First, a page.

Get the full story.
No credit card required. Cancel anytime.
After that, pay as little as $0.99 per month for the best local news coverage in Manitoba.
Already a subscriber?
Already a subscriber?
Mark Scheifele is no professional golfer. But he’s going to get to live and play like one for a few days later this month — even though he admits the competition will provide a stiff test for both his skillset and his patience.
“It’s a pretty cool thing and trying to stay calm is my biggest thing. I get pretty angry sometimes if my game’s not going as well as I would like it to go,” the star centre with the Winnipeg Jets said Wednesday.
“I know it’s going to be fun as long as I don’t have too many bad shots and break a club or something like that.”
‘I know it’s going to be fun as long as I don’t have too many bad shots and break a club or something like that’ — Jets centre Mark Scheifele, on his week as a tour golfer
Scheifele will be among the field of 156 who tee it up at Southwood Golf & Country Club for the Players Cup beginning Aug. 16. As a high-profile sponsor’s exemption with no experience at this level, his goal is simply to enjoy the tournament and maybe find a way to make it to the weekend.
“To play in an event like this is pretty special and I’m excited to get out there and play a great course at Southwood and hopefully bring some more people out to watch the beautiful game of golf,” said Scheifele. “I’m just hoping to play good golf both days (Thursday and Friday). If that makes the cut, then that makes the cut.”
That may take a minor miracle, considering the typical Mackenzie Tour – PGA Tour Canada cut at tournaments so far this summer has been several strokes under par.
“A good score for me? I’d say I’m a standard low-80s player. If I actually just ended up playing here and there, once a week, once every other week, that’s where I’ll usually shoot. Obviously I’m trying to hit the range a few more times and get on the putting green and work on my game. I’ve shot mid- to high-70s before so hopefully I’ll have some days like that. At the end of the day, it’s going to be fun but I’m a competitor so I’m definitely working at my game hard these next two weeks,” said Scheifele.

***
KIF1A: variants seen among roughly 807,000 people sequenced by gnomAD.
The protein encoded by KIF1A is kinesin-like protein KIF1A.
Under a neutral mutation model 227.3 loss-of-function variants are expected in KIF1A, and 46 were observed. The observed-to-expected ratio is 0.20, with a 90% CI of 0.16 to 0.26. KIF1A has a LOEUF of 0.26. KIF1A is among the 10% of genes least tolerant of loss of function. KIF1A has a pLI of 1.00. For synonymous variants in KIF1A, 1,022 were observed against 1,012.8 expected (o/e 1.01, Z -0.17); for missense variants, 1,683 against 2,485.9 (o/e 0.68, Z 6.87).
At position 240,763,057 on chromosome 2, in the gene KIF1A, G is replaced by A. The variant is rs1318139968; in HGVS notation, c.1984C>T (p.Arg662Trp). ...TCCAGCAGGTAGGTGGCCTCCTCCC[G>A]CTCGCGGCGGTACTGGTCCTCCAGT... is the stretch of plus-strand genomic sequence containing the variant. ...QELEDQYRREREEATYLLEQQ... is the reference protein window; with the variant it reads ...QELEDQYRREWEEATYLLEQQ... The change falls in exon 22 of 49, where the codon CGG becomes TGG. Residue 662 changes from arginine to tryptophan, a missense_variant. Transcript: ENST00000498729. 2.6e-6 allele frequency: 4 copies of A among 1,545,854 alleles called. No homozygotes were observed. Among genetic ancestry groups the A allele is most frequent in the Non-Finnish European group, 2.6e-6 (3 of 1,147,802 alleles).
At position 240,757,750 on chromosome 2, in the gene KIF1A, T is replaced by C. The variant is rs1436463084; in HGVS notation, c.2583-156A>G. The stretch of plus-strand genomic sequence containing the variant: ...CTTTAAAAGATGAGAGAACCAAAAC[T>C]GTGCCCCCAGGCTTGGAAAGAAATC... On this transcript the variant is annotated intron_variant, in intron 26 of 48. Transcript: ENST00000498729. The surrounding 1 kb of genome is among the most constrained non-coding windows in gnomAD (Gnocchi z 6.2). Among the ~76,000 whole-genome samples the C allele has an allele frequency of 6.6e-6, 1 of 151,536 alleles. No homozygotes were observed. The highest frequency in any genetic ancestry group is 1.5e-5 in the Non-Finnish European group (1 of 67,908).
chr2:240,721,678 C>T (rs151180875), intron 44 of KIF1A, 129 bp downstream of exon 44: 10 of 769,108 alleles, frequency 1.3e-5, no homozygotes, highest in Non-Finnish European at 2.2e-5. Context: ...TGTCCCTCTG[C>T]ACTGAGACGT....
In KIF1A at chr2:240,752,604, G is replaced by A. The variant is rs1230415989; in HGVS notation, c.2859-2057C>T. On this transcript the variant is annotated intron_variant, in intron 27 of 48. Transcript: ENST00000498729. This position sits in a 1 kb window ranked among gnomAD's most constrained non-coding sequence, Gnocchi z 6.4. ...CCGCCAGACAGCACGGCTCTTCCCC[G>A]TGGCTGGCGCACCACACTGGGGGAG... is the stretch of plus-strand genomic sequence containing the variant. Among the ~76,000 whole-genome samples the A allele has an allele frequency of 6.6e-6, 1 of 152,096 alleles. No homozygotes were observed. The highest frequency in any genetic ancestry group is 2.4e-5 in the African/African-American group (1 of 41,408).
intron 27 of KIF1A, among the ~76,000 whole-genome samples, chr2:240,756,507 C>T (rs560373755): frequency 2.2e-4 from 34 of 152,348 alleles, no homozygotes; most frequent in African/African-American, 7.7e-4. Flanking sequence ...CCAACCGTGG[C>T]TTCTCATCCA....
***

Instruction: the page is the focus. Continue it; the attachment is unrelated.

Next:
Of course, he wasn’t invited to the tournament with the idea of winning it. It’s all about bringing more eyeballs to the product, something tour pros understand and endorse.
“That’s super cool, especially in a market like Winnipeg where hockey is so crazy,” said Aaron Cockerill, the lone Manitoba regular on the Mackenzie Tour. “I think that’ll probably draw some attention to it from people who otherwise wouldn’t have been interested. And I think that can only be good for our game, for the tour, for Southwood, for everybody.”
Scheifele was a late addition to the event, taking the place of Jets captain Blake Wheeler who was originally given the exemption. But the veteran had to pull out due to what’s been described as “unforeseen personal commitments.” Scheifele said fans would have been in for a bigger treat if it was Wheeler in the mix.
“He’s better than me. He’s an unbelievable golfer. I think I’m pretty good, I feel like I’m a pretty solid golfer. But he’s special. Like, if he played more, now he’s got three little ones and a lot of commitments with them. But if he were to play more he could make some waves with the golf club, I’m sure,” said Scheifele.
Scheifele will have his Winnipeg friend Gregg Derlago caddying for him during the tournament. The pair got to know each other during Scheifele’s first season in Winnipeg, when he billeted with the Derlago family before being returned to junior.
“I’ve done a lot of golfing with him. He’s an awesome guy. He’s great at reading putts. My putting is my biggest thing I need to work on the most. He’s good at reading greens. I thought I’d pick him and he’d be able to keep me calm. If I picked somebody else, you know if I had a bad shot the club might be going into the audience,” said Scheifele.
Scheifele grew up in Ontario and golfed regularly as a child with his father. He’s played several rounds this summer, including Riviera in California with Jets defenceman Josh Morrissey and Manitoba Moose goalie Eric Comrie. His brother has also been helping him prepare for the challenge ahead.
“I’m a big nine hole player. I grew up, my dad loved the twilight rate because he was cheap, it was only about 20 bucks to play as many holes as you could so I was a big nine hole player growing up. I love golf, I try to play as much as I can. Whenever I can get on a course I try to,” he said.
“It will be fun to play in an actual tournament. The last few rounds I’ve been putting everything out, no gimmies. Trying to play pretty legit.”
Mike McIntyre grew up wanting to be a professional wrestler. But when that dream fizzled, he put all his brawn into becoming a professional writer.